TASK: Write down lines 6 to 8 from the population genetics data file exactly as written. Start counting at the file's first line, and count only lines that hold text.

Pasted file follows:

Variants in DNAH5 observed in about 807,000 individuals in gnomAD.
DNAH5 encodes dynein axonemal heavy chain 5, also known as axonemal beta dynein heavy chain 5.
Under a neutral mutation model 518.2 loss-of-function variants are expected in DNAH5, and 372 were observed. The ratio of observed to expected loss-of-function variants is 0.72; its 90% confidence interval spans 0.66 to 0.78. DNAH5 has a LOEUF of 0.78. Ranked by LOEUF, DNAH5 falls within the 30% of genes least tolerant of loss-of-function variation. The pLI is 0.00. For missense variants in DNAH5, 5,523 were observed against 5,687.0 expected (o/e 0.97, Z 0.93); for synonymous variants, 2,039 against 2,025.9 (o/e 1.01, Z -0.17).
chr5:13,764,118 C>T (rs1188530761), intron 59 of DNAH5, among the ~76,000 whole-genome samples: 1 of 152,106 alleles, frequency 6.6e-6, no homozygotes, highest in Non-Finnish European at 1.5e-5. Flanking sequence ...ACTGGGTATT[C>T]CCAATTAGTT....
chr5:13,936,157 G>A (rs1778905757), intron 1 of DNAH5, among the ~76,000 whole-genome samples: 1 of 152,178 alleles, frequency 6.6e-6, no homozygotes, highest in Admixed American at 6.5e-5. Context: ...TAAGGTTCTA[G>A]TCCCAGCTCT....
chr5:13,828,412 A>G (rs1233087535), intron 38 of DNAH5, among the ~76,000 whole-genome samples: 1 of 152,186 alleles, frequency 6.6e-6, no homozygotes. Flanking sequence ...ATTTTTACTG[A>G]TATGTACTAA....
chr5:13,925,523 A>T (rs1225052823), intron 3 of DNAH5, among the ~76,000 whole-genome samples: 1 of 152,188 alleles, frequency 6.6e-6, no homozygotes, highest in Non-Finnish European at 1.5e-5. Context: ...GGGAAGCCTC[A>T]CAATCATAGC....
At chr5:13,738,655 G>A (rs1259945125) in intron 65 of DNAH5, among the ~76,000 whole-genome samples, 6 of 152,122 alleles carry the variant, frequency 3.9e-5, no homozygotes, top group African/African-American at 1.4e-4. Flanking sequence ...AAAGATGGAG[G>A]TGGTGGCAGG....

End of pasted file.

chr5:13,828,412 A>G (rs1233087535), intron 38 of DNAH5, among the ~76,000 whole-genome samples: 1 of 152,186 alleles, frequency 6.6e-6, no homozygotes. Flanking sequence ...ATTTTTACTG[A>G]TATGTACTAA....
chr5:13,925,523 A>T (rs1225052823), intron 3 of DNAH5, among the ~76,000 whole-genome samples: 1 of 152,188 alleles, frequency 6.6e-6, no homozygotes, highest in Non-Finnish European at 1.5e-5. Context: ...GGGAAGCCTC[A>T]CAATCATAGC....
At chr5:13,738,655 G>A (rs1259945125) in intron 65 of DNAH5, among the ~76,000 whole-genome samples, 6 of 152,122 alleles carry the variant, frequency 3.9e-5, no homozygotes, top group African/African-American at 1.4e-4. Flanking sequence ...AAAGATGGAG[G>A]TGGTGGCAGG....